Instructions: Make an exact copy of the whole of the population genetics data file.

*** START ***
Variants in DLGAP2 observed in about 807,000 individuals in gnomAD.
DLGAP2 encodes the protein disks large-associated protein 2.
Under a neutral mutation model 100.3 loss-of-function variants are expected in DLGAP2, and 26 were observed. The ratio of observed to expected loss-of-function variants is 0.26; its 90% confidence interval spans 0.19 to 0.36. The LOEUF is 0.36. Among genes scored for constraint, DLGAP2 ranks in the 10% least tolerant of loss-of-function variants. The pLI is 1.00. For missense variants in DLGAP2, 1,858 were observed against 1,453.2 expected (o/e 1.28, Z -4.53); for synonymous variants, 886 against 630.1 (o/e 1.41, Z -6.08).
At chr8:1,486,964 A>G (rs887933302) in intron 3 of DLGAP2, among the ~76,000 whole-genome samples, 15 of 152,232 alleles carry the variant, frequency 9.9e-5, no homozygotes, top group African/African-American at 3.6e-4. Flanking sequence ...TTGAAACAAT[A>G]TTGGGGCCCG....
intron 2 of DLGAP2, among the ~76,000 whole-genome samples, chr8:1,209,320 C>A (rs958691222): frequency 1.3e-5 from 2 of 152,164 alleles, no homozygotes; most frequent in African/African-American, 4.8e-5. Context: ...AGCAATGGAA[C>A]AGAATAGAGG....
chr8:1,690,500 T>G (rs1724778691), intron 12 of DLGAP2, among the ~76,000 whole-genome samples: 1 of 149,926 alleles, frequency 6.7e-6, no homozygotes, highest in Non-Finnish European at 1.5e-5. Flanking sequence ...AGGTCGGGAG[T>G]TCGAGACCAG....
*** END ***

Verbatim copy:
Variants in DLGAP2 observed in about 807,000 individuals in gnomAD.
DLGAP2 encodes the protein disks large-associated protein 2.
Under a neutral mutation model 100.3 loss-of-function variants are expected in DLGAP2, and 26 were observed. The ratio of observed to expected loss-of-function variants is 0.26; its 90% confidence interval spans 0.19 to 0.36. The LOEUF is 0.36. Among genes scored for constraint, DLGAP2 ranks in the 10% least tolerant of loss-of-function variants. The pLI is 1.00. For missense variants in DLGAP2, 1,858 were observed against 1,453.2 expected (o/e 1.28, Z -4.53); for synonymous variants, 886 against 630.1 (o/e 1.41, Z -6.08).
At chr8:1,486,964 A>G (rs887933302) in intron 3 of DLGAP2, among the ~76,000 whole-genome samples, 15 of 152,232 alleles carry the variant, frequency 9.9e-5, no homozygotes, top group African/African-American at 3.6e-4. Flanking sequence ...TTGAAACAAT[A>G]TTGGGGCCCG....
intron 2 of DLGAP2, among the ~76,000 whole-genome samples, chr8:1,209,320 C>A (rs958691222): frequency 1.3e-5 from 2 of 152,164 alleles, no homozygotes; most frequent in African/African-American, 4.8e-5. Context: ...AGCAATGGAA[C>A]AGAATAGAGG....
chr8:1,690,500 T>G (rs1724778691), intron 12 of DLGAP2, among the ~76,000 whole-genome samples: 1 of 149,926 alleles, frequency 6.7e-6, no homozygotes, highest in Non-Finnish European at 1.5e-5. Flanking sequence ...AGGTCGGGAG[T>G]TCGAGACCAG....